We’re Just Kids, Instagram

Instagram’s business model deliberately sacrifices its users’ health and happiness to drive engagement and profit. We know the younger generation will shape the future—the stakes are too high for the status quo to continue.

More than 40 percent of Instagram users are 22 years old and younger. About 22 million teens log onto Instagram in the U.S. each day. (Pixabay / Creative Commons)

I was 13 years old when my parents spoke the highly-anticipated sentence: “Yes, you can get Instagram.” I had no idea what I was walking into—but Instagram did. The platform prioritizes expanding its base and pockets over protecting the mental health and well-being of its users. This must change.

As multiple news sources have recently revealed, Instagram and its parent company Facebook are fully aware of the harm Instagram inflicts on its users, especially teenage girls. Its meticulously-designed platform targets our insecurities, feeds unhealthy comparisons and sets unrealistic expectations, inviting teens into a trap of self-doubt. In many ways, Instagram hijacks our abilities to take care of ourselves.

As an eighth grader, I quickly grew to crave Instagram’s colorful screen despite knowing it could fuel tears just as easily as a smile. Gradually, social media’s grasp infiltrated my life outside the app.

Throughout the school year, I would spend hours editing makeup onto selfies and mindlessly scrolling through strangers’ posts instead of doing homework, feel nearly physical pain if a friend didn’t reciprocate my follow request, and arrive late to crew practice while waiting to see if the boy I liked had messaged me back. When on vacation, I retreated from my extended family, choosing to hole up in my room instead of playing, laughing and engaging with some of my favorite people. Again and again, I sacrificed self-care and meaningful experiences for the easy escape of Instagram. My connections with friends and family deteriorated and my overall well-being plummeted.

Again and again, I sacrificed self-care and meaningful experiences for the easy escape of Instagram.

My experiences with Instagram echo those of thousands of youth. Teenagers are in one of the most vulnerable stages of life. As we simultaneously explore our own identity and navigate the complexities of academics and relationships, we’re bombarded with images that undermine our confidence and intensify stress and anxiety.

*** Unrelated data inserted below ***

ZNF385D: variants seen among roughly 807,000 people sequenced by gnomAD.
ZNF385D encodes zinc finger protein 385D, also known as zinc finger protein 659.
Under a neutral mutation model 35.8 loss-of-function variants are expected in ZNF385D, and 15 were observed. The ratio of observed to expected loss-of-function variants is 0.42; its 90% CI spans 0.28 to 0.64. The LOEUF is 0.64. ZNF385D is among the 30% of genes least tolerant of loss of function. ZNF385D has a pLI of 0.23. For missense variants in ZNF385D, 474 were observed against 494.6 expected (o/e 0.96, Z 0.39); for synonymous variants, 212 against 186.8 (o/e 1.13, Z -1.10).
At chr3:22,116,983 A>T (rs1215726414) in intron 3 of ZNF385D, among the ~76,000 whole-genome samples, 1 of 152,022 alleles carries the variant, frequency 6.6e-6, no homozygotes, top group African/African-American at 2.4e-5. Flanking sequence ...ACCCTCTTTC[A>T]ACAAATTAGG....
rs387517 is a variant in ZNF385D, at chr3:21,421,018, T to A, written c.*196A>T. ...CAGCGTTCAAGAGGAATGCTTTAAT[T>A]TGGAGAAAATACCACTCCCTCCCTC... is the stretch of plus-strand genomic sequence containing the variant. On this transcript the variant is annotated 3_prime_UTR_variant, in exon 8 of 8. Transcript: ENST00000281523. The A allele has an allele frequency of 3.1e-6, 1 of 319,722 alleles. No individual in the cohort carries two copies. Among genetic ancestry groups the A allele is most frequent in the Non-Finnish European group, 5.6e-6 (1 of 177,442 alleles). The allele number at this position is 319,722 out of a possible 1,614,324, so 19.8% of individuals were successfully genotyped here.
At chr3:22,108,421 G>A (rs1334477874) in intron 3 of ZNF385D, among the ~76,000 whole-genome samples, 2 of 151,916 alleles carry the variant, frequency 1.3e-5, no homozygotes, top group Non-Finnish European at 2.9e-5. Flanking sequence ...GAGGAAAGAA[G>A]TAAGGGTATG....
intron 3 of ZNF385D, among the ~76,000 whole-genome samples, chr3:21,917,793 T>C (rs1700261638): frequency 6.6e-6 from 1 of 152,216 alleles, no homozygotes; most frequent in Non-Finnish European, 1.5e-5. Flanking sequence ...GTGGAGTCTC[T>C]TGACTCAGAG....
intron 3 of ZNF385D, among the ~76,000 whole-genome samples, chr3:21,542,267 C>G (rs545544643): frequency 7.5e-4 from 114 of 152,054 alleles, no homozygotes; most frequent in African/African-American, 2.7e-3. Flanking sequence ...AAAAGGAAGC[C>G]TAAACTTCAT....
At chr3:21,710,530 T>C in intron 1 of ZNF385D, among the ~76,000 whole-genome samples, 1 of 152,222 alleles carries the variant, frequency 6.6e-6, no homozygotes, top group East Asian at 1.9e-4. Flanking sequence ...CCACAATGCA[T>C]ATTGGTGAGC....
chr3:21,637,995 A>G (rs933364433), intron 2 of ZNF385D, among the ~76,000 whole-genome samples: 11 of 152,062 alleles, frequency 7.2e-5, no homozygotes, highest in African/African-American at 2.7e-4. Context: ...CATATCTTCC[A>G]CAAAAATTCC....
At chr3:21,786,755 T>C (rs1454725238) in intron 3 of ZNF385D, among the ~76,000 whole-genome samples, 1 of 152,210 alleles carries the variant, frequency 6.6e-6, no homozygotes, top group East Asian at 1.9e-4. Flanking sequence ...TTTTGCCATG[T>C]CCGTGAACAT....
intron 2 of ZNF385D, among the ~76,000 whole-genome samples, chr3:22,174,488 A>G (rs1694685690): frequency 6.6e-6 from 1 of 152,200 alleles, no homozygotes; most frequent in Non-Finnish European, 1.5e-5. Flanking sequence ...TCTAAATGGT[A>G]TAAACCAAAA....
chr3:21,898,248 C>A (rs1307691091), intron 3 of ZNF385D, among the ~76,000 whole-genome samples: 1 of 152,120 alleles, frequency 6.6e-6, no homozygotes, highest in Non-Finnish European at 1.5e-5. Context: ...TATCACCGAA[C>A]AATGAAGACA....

Through my work as a digital wellness youth activist, I’ve connected with hundreds of teens who, like me, feel that social media profoundly exacerbates their mental health struggles. These far-reaching impacts are now proven in Facebook’s own research. Instagram’s business model deliberately sacrifices its users’ health and happiness to drive engagement and profit. In a country where we know the younger generation will shape our society’s future, the stakes are too high for this status quo to continue.

After 15 months on Instagram, I clicked the “Delete Your Account” button. I went through all four years of high school without a personal Instagram account. In my first month of college, I’ve had to announce countless times that I don’t have Snapchat, TikTok, or Instagram. I see surprise and confusion cross people’s eyes and then… it fades. I give them my number and we text to meet up for lunch, developing an in-person social network. In the absence of Instagram’s pull and pressures, my well-being has flourished, and I believe many other teens would feel the same effects by taking a step back from the platform’s self-serving, profit-driven strategies.
Social media should not be the core of teenagerhood. I want young people to relearn that we can be okay without Instagram, remembering that humans have evolved to deal with discomfort, find connections in unfamiliar spaces, and adapt to new situations. 

I want you, Instagram, to remind us of this too. Use your power to support teens’ social-emotional growth and leverage inclusion. Stop employing algorithms that target us in our most vulnerable moments. Fill the “Explore” page with content promoting diversity and positivity. Call off—don’t simply pause—your plans to develop Instagram Youth. Use the research you’ve gathered to quit galvanizing harm and instead create ways to continue your uphill trajectory without hurting youth.

We’re just kids, Instagram. Let us stay that way.

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Aliza Kopans is a first-year at Brown University and a digital wellness youth activist serving on Fairplay's Action Network Advisory Board and LookUp.Live's Teen Leadership Council. Co-creator of "Dear Parents," a digital well-being resource from teens to parents and co-founder of "Tech(nically) Politics," a youth-led movement aimed at changing governmental regulations of digital spaces, Aliza works to create change towards a human—not screen—focused world.